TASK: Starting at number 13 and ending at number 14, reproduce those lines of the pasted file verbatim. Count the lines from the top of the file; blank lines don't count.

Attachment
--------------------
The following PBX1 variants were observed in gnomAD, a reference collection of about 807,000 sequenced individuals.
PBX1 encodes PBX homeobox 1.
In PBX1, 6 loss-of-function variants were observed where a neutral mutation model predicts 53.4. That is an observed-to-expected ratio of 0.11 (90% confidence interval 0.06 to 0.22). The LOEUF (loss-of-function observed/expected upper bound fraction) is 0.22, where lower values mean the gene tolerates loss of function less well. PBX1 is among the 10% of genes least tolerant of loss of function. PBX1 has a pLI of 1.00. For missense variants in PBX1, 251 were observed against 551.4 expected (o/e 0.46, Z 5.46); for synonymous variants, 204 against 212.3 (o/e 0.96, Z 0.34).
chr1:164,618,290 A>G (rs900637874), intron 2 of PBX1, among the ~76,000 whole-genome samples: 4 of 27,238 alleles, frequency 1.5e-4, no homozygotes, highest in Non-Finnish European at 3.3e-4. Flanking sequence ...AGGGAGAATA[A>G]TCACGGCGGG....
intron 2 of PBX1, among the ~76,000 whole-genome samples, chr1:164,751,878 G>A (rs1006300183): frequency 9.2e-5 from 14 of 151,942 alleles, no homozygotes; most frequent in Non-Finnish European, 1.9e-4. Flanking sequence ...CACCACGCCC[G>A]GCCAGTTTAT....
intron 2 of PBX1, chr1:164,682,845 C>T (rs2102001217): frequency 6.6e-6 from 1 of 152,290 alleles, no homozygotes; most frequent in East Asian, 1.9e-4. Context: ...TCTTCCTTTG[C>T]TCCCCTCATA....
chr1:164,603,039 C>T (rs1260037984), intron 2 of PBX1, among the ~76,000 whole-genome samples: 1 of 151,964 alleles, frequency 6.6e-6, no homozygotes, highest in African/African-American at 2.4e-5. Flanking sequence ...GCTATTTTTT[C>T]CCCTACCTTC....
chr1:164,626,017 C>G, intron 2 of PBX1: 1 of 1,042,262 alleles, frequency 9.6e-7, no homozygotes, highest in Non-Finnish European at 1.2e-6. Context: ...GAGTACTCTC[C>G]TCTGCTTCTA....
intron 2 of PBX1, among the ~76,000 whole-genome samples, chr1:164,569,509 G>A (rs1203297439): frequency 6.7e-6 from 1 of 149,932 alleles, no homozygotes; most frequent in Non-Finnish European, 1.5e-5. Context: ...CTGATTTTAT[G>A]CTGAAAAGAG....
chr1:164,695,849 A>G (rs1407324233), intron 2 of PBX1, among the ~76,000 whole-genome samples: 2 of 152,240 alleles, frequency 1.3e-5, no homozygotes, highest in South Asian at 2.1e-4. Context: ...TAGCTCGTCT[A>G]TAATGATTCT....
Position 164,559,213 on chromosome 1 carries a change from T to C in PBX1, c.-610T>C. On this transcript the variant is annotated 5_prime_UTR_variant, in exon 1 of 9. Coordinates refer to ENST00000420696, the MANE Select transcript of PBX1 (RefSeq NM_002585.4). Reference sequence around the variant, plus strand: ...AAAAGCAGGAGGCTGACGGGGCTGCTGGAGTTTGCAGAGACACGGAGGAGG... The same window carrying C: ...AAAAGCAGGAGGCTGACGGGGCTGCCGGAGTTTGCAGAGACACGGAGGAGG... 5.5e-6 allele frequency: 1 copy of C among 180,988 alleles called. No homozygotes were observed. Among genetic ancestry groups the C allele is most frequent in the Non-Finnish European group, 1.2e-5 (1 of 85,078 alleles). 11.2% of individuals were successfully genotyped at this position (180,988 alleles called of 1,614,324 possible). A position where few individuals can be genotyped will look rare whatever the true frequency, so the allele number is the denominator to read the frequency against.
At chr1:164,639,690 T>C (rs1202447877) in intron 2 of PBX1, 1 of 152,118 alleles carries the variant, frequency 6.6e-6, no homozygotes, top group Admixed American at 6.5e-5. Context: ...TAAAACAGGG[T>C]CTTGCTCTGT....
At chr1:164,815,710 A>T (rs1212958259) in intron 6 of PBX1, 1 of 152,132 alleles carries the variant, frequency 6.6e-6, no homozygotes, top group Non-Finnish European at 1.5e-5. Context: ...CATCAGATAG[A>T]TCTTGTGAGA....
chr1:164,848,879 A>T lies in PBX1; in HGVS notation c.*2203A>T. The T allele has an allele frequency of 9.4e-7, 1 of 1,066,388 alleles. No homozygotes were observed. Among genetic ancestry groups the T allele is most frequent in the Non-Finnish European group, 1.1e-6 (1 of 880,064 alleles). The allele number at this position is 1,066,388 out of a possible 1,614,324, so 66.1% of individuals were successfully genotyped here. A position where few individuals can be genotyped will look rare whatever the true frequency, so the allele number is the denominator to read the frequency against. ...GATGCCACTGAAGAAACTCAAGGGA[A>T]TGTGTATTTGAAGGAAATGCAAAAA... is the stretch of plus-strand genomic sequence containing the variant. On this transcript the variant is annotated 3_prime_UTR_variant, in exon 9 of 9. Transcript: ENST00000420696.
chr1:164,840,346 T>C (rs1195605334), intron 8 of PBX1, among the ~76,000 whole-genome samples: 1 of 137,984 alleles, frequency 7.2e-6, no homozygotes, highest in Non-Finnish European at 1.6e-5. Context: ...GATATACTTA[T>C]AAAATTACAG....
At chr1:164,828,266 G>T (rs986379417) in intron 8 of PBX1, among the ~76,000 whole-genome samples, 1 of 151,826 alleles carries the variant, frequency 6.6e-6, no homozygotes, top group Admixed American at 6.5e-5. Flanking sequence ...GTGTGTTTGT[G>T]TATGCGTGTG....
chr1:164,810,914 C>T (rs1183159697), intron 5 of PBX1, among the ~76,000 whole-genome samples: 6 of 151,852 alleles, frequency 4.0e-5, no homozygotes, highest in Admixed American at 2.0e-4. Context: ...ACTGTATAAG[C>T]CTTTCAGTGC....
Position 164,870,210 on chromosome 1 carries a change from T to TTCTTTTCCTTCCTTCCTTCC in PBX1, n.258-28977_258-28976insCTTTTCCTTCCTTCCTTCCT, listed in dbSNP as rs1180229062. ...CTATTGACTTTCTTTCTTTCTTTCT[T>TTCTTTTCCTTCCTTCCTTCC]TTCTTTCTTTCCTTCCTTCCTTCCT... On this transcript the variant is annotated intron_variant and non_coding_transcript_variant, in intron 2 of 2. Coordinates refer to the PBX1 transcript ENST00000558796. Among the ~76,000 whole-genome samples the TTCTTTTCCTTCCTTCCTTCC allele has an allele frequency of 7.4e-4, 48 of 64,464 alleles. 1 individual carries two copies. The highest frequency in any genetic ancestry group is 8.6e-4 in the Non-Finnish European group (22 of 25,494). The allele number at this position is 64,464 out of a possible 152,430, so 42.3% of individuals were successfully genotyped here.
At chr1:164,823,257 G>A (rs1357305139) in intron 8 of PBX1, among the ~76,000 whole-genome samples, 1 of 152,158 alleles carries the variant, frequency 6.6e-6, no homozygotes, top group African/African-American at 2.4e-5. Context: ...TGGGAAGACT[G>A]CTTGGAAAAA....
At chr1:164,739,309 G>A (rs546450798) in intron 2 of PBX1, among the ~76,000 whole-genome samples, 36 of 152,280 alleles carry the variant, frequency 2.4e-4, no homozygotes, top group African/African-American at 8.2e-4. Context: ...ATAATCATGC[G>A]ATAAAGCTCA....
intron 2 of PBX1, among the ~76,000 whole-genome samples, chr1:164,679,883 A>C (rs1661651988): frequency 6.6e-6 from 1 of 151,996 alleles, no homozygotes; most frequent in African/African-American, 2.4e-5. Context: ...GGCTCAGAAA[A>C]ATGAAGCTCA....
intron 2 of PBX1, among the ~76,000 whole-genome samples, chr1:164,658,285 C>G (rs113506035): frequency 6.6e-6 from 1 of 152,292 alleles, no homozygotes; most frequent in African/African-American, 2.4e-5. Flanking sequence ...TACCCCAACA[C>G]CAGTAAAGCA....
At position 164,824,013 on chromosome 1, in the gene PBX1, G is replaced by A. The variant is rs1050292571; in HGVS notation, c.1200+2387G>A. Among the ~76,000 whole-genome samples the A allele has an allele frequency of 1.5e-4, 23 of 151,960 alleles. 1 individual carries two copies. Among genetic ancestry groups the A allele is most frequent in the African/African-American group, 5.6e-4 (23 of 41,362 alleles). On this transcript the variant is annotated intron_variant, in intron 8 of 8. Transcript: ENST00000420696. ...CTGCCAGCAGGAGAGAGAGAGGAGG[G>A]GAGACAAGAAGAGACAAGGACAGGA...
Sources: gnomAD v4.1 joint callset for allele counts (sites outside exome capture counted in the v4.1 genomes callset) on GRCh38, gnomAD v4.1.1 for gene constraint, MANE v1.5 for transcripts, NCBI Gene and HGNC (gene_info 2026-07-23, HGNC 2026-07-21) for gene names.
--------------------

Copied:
At chr1:164,815,710 A>T (rs1212958259) in intron 6 of PBX1, 1 of 152,132 alleles carries the variant, frequency 6.6e-6, no homozygotes, top group Non-Finnish European at 1.5e-5. Context: ...CATCAGATAG[A>T]TCTTGTGAGA....
chr1:164,848,879 A>T lies in PBX1; in HGVS notation c.*2203A>T. The T allele has an allele frequency of 9.4e-7, 1 of 1,066,388 alleles. No homozygotes were observed. Among genetic ancestry groups the T allele is most frequent in the Non-Finnish European group, 1.1e-6 (1 of 880,064 alleles). The allele number at this position is 1,066,388 out of a possible 1,614,324, so 66.1% of individuals were successfully genotyped here. A position where few individuals can be genotyped will look rare whatever the true frequency, so the allele number is the denominator to read the frequency against. ...GATGCCACTGAAGAAACTCAAGGGA[A>T]TGTGTATTTGAAGGAAATGCAAAAA... is the stretch of plus-strand genomic sequence containing the variant. On this transcript the variant is annotated 3_prime_UTR_variant, in exon 9 of 9. Transcript: ENST00000420696.